Oh right so *that* is what Klout is for

I’ve never really got the appeal of Klout because I’ve always tended to think it was a bit naff to go around fretting about your “stats” on social media like that was in any way meaningful. Thanks to this blog post by James Carson I can now see how it could be useful.

In his post James talks about using Klout for benchmarking:

Okay, what do the numbers really mean? But a number does give you something to improve on. In September last year, with no followers and no one knowing who I was, Klout score gave me some point of reference for how I was doing.

That’s so obvious I don’t know why I didn’t stop to think about it like that before. Oh yeah I know why, because I think worrying about stats is a bit naff. The thing is I’ve only ever really thought about Klout through the auto tweets you see from users about their Klout score, and those frame it as yet another social game. James has reframed this for me as being about specific and personal (or client goals). So benchmarking using Klout could be a handy little thing to use if you’re taking over a corporate Twitter account or some such and want to know that you’re making a difference to it.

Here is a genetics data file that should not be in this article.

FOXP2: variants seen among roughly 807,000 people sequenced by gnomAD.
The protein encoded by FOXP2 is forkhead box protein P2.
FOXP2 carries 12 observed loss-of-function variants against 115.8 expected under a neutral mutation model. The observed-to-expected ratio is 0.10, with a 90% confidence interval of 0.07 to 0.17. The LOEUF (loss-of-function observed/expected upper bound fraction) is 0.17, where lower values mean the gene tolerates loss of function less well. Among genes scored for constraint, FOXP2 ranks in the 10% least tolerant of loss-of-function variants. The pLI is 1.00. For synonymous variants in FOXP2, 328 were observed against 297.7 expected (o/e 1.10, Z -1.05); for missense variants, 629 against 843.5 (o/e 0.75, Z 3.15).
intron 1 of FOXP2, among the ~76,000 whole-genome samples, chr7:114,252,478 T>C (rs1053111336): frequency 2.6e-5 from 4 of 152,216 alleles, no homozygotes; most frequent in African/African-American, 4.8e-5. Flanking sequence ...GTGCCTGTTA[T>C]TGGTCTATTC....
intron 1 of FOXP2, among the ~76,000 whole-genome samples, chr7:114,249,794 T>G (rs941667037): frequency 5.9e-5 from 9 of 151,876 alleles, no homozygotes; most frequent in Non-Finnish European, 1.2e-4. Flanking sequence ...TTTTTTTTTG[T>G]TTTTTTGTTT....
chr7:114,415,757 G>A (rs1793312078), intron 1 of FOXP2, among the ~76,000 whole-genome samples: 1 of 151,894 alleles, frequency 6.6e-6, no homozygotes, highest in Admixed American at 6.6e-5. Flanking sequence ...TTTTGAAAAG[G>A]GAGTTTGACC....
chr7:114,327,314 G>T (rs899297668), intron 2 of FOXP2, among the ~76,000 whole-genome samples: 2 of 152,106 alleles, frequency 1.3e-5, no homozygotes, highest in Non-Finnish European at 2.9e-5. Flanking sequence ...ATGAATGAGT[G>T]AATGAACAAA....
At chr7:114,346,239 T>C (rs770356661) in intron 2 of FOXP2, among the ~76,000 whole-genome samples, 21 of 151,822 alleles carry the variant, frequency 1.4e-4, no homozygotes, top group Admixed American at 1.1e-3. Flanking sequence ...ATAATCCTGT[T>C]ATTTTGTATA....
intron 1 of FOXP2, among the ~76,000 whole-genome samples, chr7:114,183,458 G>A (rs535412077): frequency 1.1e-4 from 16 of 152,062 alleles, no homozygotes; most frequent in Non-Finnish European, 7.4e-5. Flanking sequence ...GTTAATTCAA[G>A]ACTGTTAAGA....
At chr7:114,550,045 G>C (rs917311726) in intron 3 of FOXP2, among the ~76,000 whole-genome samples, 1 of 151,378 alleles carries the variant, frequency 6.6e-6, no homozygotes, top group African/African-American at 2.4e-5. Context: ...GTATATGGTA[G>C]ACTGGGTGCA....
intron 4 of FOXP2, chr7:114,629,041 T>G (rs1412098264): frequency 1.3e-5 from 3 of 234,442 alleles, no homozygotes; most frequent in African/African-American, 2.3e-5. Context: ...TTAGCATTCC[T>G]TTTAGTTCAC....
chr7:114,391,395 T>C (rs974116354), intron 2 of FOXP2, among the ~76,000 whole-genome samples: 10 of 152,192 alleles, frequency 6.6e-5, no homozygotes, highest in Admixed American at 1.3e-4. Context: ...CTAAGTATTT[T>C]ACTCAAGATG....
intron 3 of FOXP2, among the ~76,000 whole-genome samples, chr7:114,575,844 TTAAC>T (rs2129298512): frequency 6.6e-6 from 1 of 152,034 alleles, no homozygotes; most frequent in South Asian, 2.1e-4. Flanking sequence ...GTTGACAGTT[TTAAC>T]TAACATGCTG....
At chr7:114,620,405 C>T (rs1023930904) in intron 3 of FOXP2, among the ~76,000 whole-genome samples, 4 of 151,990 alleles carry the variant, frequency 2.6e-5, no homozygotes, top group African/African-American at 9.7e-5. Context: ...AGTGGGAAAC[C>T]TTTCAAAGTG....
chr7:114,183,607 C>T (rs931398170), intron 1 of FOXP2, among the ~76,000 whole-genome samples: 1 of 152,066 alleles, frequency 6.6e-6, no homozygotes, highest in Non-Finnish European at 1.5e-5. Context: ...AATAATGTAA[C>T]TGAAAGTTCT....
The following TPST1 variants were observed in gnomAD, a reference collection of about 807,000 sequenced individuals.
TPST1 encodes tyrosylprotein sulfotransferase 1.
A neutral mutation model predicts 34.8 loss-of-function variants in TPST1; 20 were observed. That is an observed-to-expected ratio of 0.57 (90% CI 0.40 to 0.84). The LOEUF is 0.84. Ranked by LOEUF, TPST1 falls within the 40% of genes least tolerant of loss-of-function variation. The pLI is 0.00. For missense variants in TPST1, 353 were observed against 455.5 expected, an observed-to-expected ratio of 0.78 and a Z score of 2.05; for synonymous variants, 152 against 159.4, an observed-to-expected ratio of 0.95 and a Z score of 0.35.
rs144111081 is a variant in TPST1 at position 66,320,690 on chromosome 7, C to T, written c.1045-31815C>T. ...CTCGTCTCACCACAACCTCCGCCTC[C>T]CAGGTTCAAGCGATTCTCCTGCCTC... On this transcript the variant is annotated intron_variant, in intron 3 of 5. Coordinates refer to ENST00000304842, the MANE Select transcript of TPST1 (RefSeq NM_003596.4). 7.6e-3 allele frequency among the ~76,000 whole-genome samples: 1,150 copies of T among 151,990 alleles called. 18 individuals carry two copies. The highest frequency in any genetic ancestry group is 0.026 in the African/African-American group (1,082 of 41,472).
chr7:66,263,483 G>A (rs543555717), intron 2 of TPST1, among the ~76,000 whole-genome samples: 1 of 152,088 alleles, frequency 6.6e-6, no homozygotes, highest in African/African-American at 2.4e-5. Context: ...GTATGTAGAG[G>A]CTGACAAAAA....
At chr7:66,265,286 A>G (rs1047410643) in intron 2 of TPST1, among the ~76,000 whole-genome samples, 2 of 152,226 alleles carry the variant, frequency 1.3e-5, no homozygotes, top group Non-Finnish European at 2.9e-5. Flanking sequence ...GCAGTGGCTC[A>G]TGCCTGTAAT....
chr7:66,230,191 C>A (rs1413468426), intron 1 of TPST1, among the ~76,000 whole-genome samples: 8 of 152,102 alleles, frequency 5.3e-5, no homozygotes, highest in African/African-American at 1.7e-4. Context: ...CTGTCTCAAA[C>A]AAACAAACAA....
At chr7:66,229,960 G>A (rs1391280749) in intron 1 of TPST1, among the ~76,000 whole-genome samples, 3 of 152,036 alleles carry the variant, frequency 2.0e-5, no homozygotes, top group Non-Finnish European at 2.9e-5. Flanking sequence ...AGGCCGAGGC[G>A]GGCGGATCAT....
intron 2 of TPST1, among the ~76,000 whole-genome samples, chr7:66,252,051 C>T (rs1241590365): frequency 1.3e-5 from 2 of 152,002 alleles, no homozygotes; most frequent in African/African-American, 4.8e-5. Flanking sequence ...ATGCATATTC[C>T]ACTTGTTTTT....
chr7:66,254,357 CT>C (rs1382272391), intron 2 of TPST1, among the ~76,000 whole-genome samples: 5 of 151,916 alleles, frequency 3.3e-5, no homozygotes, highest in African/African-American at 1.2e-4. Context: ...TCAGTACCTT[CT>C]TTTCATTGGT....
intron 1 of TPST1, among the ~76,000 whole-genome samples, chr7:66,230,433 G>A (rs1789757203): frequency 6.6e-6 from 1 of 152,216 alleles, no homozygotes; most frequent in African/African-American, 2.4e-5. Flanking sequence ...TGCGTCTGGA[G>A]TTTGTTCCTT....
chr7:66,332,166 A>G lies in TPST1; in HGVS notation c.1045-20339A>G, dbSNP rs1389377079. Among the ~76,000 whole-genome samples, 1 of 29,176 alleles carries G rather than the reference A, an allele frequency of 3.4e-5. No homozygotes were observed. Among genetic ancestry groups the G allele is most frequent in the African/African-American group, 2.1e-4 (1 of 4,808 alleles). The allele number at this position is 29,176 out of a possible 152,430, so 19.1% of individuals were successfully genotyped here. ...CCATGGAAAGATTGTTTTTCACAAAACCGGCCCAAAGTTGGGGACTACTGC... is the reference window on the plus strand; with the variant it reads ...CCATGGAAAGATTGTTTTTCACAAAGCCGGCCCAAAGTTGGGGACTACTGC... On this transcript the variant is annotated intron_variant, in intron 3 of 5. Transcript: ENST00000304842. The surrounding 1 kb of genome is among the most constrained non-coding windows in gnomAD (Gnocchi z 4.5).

Hat-tip to MA Social Media alumni and my go-to SEO guy @firstconversion for sharing the link

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Jon Hickman

Hi, I'm Jon. I teach and research digital culture, social media and new media practice at Birmingham City University. Find out more about me with this lovely CV: http://uk.linkedin.com/in/jonhickman Find out about my work at the Birmingham Centre for Media & Cultural Research: http://interactivecultures.org

  • http://www.jonbounds.co.uk/ Jon Bounds

    As shitty and arbitrary as it is, as a benchmark it has some value. Buried in the stats is a score called ‘True Reach’ which I sort of like as a shorthand for the number of active followers on Twitter.

    The worst thing Klout did was change the algorithm when they started going more gamey. You need to compare.